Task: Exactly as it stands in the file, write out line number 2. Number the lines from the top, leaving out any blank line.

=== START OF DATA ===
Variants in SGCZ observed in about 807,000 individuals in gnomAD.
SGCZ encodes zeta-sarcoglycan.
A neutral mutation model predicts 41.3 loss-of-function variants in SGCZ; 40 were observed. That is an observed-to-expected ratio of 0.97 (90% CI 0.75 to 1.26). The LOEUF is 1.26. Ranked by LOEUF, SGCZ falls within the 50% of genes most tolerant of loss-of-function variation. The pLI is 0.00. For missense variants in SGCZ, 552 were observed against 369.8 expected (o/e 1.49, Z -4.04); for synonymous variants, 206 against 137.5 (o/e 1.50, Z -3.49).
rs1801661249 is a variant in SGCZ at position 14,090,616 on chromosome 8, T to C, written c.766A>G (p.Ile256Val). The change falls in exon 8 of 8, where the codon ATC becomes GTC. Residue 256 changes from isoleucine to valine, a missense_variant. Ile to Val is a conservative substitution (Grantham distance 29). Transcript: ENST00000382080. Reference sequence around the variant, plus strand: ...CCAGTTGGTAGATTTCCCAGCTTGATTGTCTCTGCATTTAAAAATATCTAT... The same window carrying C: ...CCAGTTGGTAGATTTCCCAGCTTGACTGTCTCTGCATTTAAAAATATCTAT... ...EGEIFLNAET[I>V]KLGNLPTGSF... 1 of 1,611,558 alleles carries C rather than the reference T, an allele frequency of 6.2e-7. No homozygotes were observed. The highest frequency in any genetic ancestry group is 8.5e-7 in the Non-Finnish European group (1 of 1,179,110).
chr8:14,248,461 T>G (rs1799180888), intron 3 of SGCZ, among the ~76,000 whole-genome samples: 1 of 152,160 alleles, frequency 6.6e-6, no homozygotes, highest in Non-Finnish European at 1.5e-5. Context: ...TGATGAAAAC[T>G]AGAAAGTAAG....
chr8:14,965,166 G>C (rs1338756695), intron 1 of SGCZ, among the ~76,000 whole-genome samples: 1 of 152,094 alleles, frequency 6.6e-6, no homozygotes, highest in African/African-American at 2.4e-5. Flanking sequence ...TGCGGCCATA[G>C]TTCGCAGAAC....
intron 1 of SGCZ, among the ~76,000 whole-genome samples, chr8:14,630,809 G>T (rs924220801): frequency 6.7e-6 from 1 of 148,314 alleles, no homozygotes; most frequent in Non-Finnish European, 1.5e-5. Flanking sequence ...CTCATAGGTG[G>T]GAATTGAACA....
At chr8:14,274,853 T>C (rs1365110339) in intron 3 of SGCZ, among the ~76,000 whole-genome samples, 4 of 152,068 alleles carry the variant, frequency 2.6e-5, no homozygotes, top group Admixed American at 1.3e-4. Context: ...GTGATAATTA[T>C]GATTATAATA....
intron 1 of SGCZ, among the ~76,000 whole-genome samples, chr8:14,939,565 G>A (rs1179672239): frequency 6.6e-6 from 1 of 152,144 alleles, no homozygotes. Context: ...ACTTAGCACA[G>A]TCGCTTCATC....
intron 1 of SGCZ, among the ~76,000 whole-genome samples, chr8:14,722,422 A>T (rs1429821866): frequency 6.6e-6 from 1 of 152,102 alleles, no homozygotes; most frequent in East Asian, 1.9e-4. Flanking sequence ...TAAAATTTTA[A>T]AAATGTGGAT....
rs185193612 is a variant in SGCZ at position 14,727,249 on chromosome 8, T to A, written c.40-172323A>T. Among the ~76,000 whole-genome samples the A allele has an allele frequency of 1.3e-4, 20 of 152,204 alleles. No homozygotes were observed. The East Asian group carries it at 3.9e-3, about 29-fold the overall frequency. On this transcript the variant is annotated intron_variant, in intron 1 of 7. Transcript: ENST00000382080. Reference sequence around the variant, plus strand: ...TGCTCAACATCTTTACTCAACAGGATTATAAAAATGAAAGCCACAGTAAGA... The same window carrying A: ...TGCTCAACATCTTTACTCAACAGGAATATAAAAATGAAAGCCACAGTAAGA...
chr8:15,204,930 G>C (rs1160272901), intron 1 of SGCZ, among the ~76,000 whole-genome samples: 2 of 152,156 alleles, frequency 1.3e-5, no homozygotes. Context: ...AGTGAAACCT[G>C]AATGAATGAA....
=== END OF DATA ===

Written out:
SGCZ encodes zeta-sarcoglycan.